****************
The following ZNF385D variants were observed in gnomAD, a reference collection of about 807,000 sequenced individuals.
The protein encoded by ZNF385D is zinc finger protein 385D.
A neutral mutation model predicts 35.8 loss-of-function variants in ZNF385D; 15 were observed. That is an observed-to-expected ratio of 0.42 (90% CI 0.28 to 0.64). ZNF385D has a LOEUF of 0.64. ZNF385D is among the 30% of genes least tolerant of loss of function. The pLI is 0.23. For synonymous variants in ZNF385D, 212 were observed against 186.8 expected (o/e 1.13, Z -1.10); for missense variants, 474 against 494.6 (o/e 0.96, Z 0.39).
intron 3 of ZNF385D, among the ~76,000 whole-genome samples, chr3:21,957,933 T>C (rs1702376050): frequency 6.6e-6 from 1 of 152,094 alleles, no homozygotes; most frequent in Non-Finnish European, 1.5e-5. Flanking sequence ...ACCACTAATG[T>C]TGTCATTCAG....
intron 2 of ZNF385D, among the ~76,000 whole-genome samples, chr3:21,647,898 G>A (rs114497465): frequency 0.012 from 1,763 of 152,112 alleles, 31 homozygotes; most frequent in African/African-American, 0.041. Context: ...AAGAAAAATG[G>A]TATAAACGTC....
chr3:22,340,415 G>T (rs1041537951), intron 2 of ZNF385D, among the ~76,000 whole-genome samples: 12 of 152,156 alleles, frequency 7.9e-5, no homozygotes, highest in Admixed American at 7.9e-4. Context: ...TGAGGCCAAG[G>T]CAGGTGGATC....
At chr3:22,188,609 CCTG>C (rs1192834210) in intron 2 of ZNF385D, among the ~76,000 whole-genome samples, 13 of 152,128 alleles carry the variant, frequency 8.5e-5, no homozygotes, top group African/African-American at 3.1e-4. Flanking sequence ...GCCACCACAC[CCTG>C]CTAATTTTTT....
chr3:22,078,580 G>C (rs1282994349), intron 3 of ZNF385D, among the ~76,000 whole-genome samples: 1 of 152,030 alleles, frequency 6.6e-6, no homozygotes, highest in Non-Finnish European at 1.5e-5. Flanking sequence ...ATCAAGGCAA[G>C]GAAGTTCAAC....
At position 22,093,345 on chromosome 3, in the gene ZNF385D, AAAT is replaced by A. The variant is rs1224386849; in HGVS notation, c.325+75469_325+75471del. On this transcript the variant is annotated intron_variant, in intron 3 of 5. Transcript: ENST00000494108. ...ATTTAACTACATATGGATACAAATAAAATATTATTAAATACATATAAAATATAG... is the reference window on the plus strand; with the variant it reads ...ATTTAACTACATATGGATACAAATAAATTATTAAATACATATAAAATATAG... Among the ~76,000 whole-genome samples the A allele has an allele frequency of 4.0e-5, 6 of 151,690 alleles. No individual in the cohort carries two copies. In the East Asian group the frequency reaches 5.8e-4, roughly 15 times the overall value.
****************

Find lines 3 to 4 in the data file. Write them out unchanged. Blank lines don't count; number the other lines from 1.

A neutral mutation model predicts 35.8 loss-of-function variants in ZNF385D; 15 were observed. That is an observed-to-expected ratio of 0.42 (90% CI 0.28 to 0.64). ZNF385D has a LOEUF of 0.64. ZNF385D is among the 30% of genes least tolerant of loss of function. The pLI is 0.23. For synonymous variants in ZNF385D, 212 were observed against 186.8 expected (o/e 1.13, Z -1.10); for missense variants, 474 against 494.6 (o/e 0.96, Z 0.39).
intron 3 of ZNF385D, among the ~76,000 whole-genome samples, chr3:21,957,933 T>C (rs1702376050): frequency 6.6e-6 from 1 of 152,094 alleles, no homozygotes; most frequent in Non-Finnish European, 1.5e-5. Flanking sequence ...ACCACTAATG[T>C]TGTCATTCAG....